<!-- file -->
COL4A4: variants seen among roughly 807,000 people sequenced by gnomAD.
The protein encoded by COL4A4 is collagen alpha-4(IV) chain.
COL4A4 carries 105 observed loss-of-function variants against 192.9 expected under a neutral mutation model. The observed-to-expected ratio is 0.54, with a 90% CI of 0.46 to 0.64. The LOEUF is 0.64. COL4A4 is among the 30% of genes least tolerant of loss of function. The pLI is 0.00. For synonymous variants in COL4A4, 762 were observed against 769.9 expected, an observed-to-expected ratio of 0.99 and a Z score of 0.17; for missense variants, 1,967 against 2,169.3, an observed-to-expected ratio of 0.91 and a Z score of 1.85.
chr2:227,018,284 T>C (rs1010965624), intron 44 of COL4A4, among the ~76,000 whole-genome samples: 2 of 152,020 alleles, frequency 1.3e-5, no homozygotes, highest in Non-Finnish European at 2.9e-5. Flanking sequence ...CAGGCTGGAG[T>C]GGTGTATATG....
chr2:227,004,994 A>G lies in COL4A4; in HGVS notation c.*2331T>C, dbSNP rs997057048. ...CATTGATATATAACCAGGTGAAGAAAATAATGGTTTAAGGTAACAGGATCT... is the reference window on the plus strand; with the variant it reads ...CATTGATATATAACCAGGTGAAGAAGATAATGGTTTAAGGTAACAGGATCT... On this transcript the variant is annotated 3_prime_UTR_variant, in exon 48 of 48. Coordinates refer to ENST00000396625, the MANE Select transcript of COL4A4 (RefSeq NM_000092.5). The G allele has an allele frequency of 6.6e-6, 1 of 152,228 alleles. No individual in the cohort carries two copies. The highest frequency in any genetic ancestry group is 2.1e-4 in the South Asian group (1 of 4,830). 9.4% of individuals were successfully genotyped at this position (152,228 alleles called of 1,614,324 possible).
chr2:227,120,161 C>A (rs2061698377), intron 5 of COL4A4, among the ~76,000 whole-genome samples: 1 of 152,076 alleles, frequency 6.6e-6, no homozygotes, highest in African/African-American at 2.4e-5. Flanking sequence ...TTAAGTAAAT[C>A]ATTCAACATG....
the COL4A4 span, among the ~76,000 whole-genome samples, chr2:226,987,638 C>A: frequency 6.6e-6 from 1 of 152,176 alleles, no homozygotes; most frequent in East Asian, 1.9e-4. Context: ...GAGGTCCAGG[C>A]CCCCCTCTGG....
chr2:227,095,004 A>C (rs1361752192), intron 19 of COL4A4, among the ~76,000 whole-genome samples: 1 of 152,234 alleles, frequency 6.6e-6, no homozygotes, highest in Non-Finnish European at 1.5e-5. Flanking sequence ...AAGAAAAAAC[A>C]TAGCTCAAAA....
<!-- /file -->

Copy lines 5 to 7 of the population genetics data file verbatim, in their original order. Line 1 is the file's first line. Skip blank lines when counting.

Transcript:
chr2:227,004,994 A>G lies in COL4A4; in HGVS notation c.*2331T>C, dbSNP rs997057048. ...CATTGATATATAACCAGGTGAAGAAAATAATGGTTTAAGGTAACAGGATCT... is the reference window on the plus strand; with the variant it reads ...CATTGATATATAACCAGGTGAAGAAGATAATGGTTTAAGGTAACAGGATCT... On this transcript the variant is annotated 3_prime_UTR_variant, in exon 48 of 48. Coordinates refer to ENST00000396625, the MANE Select transcript of COL4A4 (RefSeq NM_000092.5). The G allele has an allele frequency of 6.6e-6, 1 of 152,228 alleles. No individual in the cohort carries two copies. The highest frequency in any genetic ancestry group is 2.1e-4 in the South Asian group (1 of 4,830). 9.4% of individuals were successfully genotyped at this position (152,228 alleles called of 1,614,324 possible).
chr2:227,120,161 C>A (rs2061698377), intron 5 of COL4A4, among the ~76,000 whole-genome samples: 1 of 152,076 alleles, frequency 6.6e-6, no homozygotes, highest in African/African-American at 2.4e-5. Flanking sequence ...TTAAGTAAAT[C>A]ATTCAACATG....
the COL4A4 span, among the ~76,000 whole-genome samples, chr2:226,987,638 C>A: frequency 6.6e-6 from 1 of 152,176 alleles, no homozygotes; most frequent in East Asian, 1.9e-4. Context: ...GAGGTCCAGG[C>A]CCCCCTCTGG....